Head Start: Another Failed Government Program
A key requirement is that there be both an “experimental” group, that gets the “treatment” of the program, and a “control” group that doesn’t.
And the two groups have to be comparable. The one and only sure way of making them comparable is to randomly assign subjects to the experimental and the control groups.
This was done in a study of the federal Head Start program, and a definitive evaluation was recently released. Released, we might note, after much delay.
You’ll shortly be able to figure out the reason for the delay.
These studies get pretty long and elaborate, but they usually have an Executive Summary giving the bottom line on the findings. Here is the bottom line on Head Start:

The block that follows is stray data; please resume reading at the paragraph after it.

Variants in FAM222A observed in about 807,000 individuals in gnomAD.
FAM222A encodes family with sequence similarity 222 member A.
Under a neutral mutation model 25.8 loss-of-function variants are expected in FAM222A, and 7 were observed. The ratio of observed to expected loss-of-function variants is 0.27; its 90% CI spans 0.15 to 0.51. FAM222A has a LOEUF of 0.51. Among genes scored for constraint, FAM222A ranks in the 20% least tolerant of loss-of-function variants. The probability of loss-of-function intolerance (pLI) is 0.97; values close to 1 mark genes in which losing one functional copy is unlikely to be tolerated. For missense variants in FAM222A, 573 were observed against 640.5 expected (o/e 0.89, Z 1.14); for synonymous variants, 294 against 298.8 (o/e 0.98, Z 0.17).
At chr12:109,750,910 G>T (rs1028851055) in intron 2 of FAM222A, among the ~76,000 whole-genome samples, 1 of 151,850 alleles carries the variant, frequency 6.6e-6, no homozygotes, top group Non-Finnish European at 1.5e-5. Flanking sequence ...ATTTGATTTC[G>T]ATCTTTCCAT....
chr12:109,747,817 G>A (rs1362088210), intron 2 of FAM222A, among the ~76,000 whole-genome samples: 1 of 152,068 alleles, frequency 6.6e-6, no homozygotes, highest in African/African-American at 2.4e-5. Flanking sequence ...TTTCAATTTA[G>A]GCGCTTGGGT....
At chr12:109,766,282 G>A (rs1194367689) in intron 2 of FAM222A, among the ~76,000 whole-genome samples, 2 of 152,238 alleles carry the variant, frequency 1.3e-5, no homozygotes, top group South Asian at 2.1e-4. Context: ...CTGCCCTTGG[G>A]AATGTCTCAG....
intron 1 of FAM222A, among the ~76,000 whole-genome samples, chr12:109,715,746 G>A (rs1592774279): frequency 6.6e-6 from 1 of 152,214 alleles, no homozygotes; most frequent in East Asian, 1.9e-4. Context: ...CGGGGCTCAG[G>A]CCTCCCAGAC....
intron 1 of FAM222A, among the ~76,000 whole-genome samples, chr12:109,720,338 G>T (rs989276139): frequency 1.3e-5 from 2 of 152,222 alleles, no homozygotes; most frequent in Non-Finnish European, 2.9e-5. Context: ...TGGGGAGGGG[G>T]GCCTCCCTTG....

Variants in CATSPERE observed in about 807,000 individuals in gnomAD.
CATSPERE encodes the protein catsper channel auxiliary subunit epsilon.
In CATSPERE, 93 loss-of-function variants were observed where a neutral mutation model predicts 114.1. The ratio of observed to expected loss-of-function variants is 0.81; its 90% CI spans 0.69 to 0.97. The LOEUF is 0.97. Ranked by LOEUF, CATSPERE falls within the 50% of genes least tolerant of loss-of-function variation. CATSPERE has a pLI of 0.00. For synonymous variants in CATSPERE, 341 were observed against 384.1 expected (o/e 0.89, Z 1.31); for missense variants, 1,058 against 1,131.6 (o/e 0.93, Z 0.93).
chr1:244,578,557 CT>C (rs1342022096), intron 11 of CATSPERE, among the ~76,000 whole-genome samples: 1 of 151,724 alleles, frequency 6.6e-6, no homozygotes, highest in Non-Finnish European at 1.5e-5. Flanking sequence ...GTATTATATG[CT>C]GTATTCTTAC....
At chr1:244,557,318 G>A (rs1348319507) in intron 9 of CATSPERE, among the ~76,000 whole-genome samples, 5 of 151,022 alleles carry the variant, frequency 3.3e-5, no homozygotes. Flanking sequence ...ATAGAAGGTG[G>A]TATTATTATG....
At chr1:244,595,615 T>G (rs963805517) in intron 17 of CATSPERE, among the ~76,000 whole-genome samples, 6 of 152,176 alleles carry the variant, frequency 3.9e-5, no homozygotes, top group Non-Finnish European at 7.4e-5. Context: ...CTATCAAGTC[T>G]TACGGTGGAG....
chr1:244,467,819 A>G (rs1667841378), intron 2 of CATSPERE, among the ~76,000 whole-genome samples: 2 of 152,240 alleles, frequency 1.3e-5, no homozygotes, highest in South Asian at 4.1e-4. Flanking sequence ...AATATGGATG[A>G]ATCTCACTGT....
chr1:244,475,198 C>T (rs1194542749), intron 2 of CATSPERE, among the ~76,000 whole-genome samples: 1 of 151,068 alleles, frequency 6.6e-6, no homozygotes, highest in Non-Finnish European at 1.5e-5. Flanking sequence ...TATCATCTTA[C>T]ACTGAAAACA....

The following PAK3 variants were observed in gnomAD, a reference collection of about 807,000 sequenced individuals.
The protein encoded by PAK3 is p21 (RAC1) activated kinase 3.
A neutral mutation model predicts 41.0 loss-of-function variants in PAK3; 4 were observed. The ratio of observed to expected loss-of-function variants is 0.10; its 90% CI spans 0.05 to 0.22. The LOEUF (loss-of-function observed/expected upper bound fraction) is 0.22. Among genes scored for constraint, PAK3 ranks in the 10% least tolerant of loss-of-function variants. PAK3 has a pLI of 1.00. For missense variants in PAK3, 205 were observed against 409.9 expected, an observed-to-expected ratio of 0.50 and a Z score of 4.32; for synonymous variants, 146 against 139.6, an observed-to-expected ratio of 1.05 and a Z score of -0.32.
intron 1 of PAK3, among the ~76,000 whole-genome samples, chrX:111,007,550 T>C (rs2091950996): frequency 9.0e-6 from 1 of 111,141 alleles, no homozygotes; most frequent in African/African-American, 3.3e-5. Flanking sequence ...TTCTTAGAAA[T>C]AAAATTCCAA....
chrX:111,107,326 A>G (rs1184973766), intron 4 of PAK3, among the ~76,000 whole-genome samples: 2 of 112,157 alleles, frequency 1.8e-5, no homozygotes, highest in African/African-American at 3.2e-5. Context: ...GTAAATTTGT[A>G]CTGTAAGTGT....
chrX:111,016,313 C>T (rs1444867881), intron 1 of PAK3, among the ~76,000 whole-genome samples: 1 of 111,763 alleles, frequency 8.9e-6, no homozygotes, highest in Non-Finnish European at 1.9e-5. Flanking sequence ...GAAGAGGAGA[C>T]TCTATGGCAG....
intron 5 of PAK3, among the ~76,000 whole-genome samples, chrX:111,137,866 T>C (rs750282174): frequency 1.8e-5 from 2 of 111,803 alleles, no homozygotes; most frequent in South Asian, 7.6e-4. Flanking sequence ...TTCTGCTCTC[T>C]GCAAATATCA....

In summary, there were initial positive impacts from having access to Head Start, but by the end of 3rd grade there were very few impacts found for either cohort in any of the four domains of cognitive, social-emotional, health and parenting practices. The few impacts that were found did not show a clear pattern of favorable or unfavorable impacts for children.It’s common for any government program to be promoted as “for the children.” But to be “for the children,” it has to really help children.
If it doesn’t, it’s merely for the politicians and bureaucrats.